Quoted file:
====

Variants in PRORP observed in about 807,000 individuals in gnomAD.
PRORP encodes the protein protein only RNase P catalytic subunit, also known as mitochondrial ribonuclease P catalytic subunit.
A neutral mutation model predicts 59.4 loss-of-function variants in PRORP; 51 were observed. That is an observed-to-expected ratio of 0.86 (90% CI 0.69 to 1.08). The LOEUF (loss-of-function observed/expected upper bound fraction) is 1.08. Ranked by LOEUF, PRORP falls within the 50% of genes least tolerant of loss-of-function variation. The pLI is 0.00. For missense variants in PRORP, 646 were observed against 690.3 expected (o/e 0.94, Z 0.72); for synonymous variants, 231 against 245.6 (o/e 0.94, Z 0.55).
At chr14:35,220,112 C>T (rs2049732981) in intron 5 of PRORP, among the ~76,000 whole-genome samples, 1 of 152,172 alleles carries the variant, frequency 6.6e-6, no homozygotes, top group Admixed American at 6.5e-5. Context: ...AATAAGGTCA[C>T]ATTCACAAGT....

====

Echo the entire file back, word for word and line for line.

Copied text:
Variants in PRORP observed in about 807,000 individuals in gnomAD.
PRORP encodes the protein protein only RNase P catalytic subunit, also known as mitochondrial ribonuclease P catalytic subunit.
A neutral mutation model predicts 59.4 loss-of-function variants in PRORP; 51 were observed. That is an observed-to-expected ratio of 0.86 (90% CI 0.69 to 1.08). The LOEUF (loss-of-function observed/expected upper bound fraction) is 1.08. Ranked by LOEUF, PRORP falls within the 50% of genes least tolerant of loss-of-function variation. The pLI is 0.00. For missense variants in PRORP, 646 were observed against 690.3 expected (o/e 0.94, Z 0.72); for synonymous variants, 231 against 245.6 (o/e 0.94, Z 0.55).
At chr14:35,220,112 C>T (rs2049732981) in intron 5 of PRORP, among the ~76,000 whole-genome samples, 1 of 152,172 alleles carries the variant, frequency 6.6e-6, no homozygotes, top group Admixed American at 6.5e-5. Context: ...AATAAGGTCA[C>T]ATTCACAAGT....